Security & Fraud

FTC Alleges New York Small-Business Lenders Deceived SMBs And Nonprofits

The Federal Trade Commission sued two New York small-business lenders Wednesday (June 10) for allegedly using deceptive terms in loans to companies, nonprofits, religious groups and medical offices, and threatening violence and personal-asset seizures to collect funds.

The FTC filed a complaint against RCG Advance LLC, (formerly known as Richmond Capital Group LLC, doing business as Viceroy Capital Funding) and Ram Capital Funding, along with some of the company’s alleged principals.

RCG Advance LLC could not be reached for comment, while messages left with Ram Capital Funding seeking comment were not immediately returned.

In its lawsuit, the FTC alleged that since at least 2015, the defendants deceived clients by misrepresenting the terms of loans provided.

For example, the agency said in a statement the defendants’ web sites falsely claimed that their loans required “no personal guaranty of collateral from business owners.” In other words, customers obtaining financing on behalf of their companies would not have their personal possessions treated as loan collateral.

But the FTC alleged that contracts did in fact include such provisions. Investigators also claimed that the defendants required businesses and their owners to sign “confessions of judgment” as part of their contracts. The FTC said these would allow the defendants to immediately go to court and obtain uncontested judgments in case of an alleged default.

The FTC also alleged that defendants made unauthorized withdrawals from consumers’ bank accounts. Additionally, the agency claimed that the firms used unfair collection practices — including threatening to break a customer’s jaw and “come down there and beat the s**t out of you.” — to compel them to pay.

A 14-page complaint filed in the U.S. District Court for the Southern District of New York further alleged that the defendants made threatening calls to consumers. That reputedly included threatening to ruin one customer’s reputation by falsely accusing him of being a child molester.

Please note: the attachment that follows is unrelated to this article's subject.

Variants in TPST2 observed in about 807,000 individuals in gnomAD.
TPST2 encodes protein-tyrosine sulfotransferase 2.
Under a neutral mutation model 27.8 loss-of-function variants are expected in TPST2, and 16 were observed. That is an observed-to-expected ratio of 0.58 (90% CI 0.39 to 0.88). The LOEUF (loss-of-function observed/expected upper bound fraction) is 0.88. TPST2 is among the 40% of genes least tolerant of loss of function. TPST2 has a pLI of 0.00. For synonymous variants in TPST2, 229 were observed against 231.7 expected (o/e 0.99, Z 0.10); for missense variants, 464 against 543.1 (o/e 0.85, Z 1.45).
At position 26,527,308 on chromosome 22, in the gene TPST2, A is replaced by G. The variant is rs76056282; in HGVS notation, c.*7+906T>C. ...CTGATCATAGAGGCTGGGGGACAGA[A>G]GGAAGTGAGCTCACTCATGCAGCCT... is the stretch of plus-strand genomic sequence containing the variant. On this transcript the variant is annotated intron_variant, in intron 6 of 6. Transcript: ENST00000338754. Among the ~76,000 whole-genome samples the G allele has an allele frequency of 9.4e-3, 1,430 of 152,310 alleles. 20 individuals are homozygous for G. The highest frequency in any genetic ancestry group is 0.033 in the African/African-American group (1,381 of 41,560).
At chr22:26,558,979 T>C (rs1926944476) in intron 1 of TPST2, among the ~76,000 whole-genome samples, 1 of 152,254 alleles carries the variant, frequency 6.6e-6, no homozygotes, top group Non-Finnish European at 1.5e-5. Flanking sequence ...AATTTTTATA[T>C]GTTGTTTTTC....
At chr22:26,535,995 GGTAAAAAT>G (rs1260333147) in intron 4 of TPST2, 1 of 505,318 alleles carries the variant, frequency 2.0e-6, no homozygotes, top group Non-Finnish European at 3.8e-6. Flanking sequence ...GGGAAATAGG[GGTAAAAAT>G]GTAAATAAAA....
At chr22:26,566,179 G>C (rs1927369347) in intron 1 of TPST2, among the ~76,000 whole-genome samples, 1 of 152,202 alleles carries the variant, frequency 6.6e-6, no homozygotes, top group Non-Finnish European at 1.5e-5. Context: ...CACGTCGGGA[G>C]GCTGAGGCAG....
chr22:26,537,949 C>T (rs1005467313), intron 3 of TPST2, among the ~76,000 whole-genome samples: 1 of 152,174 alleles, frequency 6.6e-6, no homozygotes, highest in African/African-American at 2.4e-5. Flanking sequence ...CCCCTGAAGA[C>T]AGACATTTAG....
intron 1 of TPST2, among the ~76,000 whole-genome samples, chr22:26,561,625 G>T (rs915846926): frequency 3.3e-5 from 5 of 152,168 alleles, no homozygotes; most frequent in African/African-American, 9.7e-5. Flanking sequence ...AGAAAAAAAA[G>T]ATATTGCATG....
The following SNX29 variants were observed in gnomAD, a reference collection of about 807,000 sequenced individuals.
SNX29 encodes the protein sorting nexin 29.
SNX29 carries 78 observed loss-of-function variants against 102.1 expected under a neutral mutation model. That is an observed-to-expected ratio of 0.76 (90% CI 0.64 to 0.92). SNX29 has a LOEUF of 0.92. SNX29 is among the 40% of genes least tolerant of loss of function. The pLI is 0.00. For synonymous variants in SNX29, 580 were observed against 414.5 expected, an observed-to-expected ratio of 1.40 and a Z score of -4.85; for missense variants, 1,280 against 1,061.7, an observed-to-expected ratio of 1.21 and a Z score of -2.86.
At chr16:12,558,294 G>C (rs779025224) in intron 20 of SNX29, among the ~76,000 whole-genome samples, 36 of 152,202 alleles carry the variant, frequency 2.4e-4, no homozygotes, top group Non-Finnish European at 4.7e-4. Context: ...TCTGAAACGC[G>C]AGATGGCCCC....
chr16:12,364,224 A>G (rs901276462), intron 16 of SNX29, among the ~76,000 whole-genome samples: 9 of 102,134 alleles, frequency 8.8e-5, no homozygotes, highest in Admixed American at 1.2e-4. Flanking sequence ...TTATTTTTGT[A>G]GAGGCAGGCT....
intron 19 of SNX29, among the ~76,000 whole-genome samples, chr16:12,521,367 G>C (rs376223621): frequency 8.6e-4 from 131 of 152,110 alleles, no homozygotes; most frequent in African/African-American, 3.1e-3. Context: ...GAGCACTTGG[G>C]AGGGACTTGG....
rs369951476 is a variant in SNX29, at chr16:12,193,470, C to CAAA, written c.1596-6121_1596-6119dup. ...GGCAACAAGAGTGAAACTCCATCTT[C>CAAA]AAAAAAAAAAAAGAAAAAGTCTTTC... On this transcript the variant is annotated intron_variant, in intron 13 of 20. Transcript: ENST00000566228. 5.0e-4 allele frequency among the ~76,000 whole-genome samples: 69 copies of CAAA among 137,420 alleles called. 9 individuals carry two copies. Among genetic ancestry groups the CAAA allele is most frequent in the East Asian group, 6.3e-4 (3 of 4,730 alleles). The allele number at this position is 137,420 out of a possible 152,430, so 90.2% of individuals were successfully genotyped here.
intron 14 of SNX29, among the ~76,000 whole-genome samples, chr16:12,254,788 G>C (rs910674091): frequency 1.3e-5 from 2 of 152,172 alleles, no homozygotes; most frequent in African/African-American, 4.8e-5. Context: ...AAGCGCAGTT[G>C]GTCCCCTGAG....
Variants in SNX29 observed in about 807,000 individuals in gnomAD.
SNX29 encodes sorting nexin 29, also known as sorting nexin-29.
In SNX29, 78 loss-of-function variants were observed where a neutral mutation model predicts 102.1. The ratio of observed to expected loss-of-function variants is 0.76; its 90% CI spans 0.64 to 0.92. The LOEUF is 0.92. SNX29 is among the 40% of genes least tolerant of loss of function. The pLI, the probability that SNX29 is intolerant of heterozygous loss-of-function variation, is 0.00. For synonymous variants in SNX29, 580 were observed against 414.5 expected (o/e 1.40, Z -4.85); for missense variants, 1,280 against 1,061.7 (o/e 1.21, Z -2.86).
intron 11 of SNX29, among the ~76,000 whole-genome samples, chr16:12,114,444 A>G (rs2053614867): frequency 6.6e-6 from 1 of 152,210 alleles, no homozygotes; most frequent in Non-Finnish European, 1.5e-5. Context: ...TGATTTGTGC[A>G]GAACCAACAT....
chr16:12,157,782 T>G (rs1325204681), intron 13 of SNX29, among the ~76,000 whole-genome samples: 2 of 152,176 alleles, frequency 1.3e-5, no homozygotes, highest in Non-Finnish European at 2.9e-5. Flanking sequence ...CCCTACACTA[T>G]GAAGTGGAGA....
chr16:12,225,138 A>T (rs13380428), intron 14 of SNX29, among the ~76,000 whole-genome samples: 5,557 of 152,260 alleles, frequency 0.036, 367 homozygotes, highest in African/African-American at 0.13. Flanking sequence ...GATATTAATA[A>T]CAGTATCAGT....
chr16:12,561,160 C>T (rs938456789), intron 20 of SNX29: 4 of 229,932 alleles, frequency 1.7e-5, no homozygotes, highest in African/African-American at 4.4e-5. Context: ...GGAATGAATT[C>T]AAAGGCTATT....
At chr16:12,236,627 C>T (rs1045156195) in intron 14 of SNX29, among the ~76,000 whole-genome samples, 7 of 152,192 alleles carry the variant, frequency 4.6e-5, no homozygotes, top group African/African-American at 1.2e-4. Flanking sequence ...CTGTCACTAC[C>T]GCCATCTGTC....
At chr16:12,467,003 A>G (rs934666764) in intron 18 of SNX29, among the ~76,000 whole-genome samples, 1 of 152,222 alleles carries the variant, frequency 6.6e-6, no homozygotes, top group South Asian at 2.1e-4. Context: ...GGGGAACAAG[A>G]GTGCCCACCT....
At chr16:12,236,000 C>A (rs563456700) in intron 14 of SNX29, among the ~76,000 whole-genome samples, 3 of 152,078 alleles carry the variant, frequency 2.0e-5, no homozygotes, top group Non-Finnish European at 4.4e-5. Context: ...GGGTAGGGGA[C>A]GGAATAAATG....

The agency also claimed defendants failed to deliver the full amount of financing promised by withholding an array of upfront fees despite promising “no upfront costs” on their Web site. The fees ranged from hundreds to tens of thousands of dollars and were either poorly disclosed in contracts or not disclosed at all, the government claimed.

“Consumers are suffering, have suffered, and will continue to suffer substantial injury as a result of defendants’ violations of the FTC Act,” FTC lawyers wrote in court papers. “In addition, defendants have been unjustly enriched as a result of their unlawful acts or practices. Absent injunctive relief by this court, defendants are likely to continue to injure consumers, reap unjust enrichment, and harm the public interest.”

The lawsuit seeks a permanent injunction to halt the defendants from any violations of the FTC Act. It also asks the court to order “rescission or reformation of contracts, restitution, the refund of monies paid, and the disgorgement of ill-gotten monies; and award Plaintiff the costs of bringing this action, as well as such other and additional relief as the court may determine to be just and proper.”


New PYMNTS Report: Preventing Financial Crimes Playbook – July 2020 

Call it the great tug-of-war. Fraudsters are teaming up to form elaborate rings that work in sync to launch account takeovers. Chris Tremont, EVP at Radius Bank, tells PYMNTS that financial institutions (FIs) can beat such highly organized fraudsters at their own game. In the July 2020 Preventing Financial Crimes Playbook, Tremont lays out how.